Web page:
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Notes on my First Cheapie Soft Box Photos

Last night I took what I would consider my first attempts at semi-decent planned photos. I took photographs of some golf shoes in the smaller soft box I'd constructed. There were several problems with the actual shoot:

  1. Three 60W bulbs - and a flash - are apparently not quite enough light, somehow. I suspect my implementation was inappropriate, but perhaps I just need stronger work lights.
  2. I didn't cover up enough of the wooden table. I think the brownish/reddish tint I got on the white parts of the shoe was due to the brownish/reddish tint of the table. Next time, use more poster board.
  3. I shot black and white shoes on a white background. I want white backgrounds (because the site they'll eventually be posted to is white), but perhaps for black and white golf shoes, a green or tan background would have been better.
  4. The sheets I bought are perhaps too thick - or again the lights way too dim. perhaps I should have picked up some tracing paper instead?

I messed around with both aperture and exposure time. Two shots worked at f/20 and 0.8s, two at f/7.1 and 0.1s, and the remaining two at f/11 and 0.125s. I shot in full manual mode so I could pretty easily control the aperture and shutter speed. I used the on-camera 430ex SpeedLite to provide some fill, though most of it hit the top of the soft box (and didn't enter). I even stuck to my new 50mm/f1.8 (a bargain at $70) lens.

But none of that was my biggest problem. In importing the images to Aperture (all RAW files), I stacked all the similar shots together so that I could later sort through them. Next, intending to go through the different stacks to choose good images (and mark some as rejects), I uncollapsed the first stack, selected the first image, hit option-O to enter "compare" mode, and began flipping through the stack.

I quickly found that cmd-[ promoted images and cmd-\ set an item to be the stack pick, but in doing so the comparison image (the left one) didn't switch to the new stack pick, making for an all-around frustrating process. The solution? Option-T is "Stack" mode. Duh. Next time this will save me some time.

At any rate, after some moderate adjustments in Aperture (mainly to correct the white balance, which again was too warm), I exported the images to JPEGs and messed with them in Photoshop. By "messed with" I followed a simple procedure to knock out the not-quite-white background:

  1. Loosely select the image using a combination of the PS CS3's new "auto-select" tool and the old wand.
  2. Create a new layer, invert the selection, and fill with white. Then gaussian blur (maintaining the selection so no blur covers up my image - just recedes from it). I used a 25 two or three times on images that I'd downsampled to about 900 x 500 at 72 dpi.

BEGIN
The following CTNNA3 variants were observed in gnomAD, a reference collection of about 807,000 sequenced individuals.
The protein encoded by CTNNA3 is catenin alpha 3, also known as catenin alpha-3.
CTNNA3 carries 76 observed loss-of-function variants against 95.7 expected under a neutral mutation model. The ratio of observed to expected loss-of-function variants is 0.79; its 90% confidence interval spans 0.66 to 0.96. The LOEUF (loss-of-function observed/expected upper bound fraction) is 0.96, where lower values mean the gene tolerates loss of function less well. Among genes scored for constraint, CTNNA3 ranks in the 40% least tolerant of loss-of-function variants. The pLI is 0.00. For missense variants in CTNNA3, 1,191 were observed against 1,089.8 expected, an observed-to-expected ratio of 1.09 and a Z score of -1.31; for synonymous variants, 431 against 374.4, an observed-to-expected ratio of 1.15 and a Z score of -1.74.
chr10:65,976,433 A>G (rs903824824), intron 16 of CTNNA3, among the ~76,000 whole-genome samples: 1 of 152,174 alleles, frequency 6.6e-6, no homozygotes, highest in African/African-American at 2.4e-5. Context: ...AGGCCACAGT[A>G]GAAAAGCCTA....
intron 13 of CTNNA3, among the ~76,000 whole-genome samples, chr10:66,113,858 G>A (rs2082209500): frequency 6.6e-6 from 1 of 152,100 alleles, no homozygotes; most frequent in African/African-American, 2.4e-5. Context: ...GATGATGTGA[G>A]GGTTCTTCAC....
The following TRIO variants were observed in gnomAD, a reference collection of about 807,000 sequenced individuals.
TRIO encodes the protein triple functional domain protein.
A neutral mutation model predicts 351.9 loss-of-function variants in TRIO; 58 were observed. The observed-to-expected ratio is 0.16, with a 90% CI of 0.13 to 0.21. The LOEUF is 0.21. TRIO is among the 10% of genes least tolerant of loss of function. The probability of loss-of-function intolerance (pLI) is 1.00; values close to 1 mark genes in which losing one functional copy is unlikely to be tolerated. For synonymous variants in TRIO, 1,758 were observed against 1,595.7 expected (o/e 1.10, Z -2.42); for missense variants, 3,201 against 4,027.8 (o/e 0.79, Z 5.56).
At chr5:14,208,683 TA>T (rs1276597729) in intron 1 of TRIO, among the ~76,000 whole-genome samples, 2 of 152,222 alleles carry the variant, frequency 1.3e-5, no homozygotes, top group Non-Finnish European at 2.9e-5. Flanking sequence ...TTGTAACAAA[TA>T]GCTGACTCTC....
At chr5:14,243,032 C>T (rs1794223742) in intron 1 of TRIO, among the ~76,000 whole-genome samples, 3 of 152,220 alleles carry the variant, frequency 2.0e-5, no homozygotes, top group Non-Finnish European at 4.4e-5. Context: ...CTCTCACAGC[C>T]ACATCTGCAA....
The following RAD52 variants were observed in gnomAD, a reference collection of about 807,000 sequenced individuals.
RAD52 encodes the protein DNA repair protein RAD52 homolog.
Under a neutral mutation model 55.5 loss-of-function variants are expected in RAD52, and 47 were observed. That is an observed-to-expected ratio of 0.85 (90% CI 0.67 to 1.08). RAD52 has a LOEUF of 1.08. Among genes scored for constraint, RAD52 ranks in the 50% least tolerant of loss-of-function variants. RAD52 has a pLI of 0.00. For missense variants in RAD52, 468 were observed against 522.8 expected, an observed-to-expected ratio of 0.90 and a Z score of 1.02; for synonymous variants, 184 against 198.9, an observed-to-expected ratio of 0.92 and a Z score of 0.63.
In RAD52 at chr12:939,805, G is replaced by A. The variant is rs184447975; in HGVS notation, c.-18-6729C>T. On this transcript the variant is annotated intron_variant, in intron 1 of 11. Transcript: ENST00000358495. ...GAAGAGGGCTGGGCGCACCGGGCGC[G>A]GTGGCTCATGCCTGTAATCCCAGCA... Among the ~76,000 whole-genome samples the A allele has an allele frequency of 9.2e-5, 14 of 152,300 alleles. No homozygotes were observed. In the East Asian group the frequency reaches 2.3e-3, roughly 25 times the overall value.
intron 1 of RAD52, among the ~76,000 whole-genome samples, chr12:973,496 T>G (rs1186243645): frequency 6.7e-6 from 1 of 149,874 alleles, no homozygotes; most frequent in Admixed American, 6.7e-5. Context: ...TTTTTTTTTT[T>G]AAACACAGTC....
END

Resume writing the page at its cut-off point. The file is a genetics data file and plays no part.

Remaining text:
3. Add a small gradient to each of the four sides, white to transparent, to make sure the edges were white.
  4. Trim off excess white edges, resize to 490px wide, and save as JPEG.

The final results? You can find them here, here, here, here, here, and here.

2 Responses to "Notes on my First Cheapie Soft Box Photos"

  1. Erik,
    Just a few thoughts from looking at the originals:

    1. The black spots are sensor dust. It's easy to clean your sensor, and I can point you in the right direction if you need a hand.
    2. There's something funky with whatever light is controlling the upper right area--it almost looks like there's either a shadow from another light up there? I'd play with that to get it more even.
    3. I think a custom white balance would help. I'm not sure if the Rebel supports that (basically you take a picture of something white, and the camera will use that to adjust the whatever shots you take with that white balance), but if not, yeah, just tweak it as you did.

    And yeah, it's sometimes a little weird working with Aperture's compare/stack modes. Sounds like you got the hang of it, though 🙂

    I'm also a bit surprised that your exposure settings were so slow. I'm not too familiar with multi-flash work, but with EOS and single flash, in manual mode, the flash will be your primary light source. Basically, you can dial in whatever settings you want (e.g. f/8 at 1/100 sec), and the flash will do its best to give you the correct illumination (+ your flash exposure compensation) for the subject. I know that the built-in meter fails with remote strobes, but I'm still not sure why you couldn't have faster exposures.

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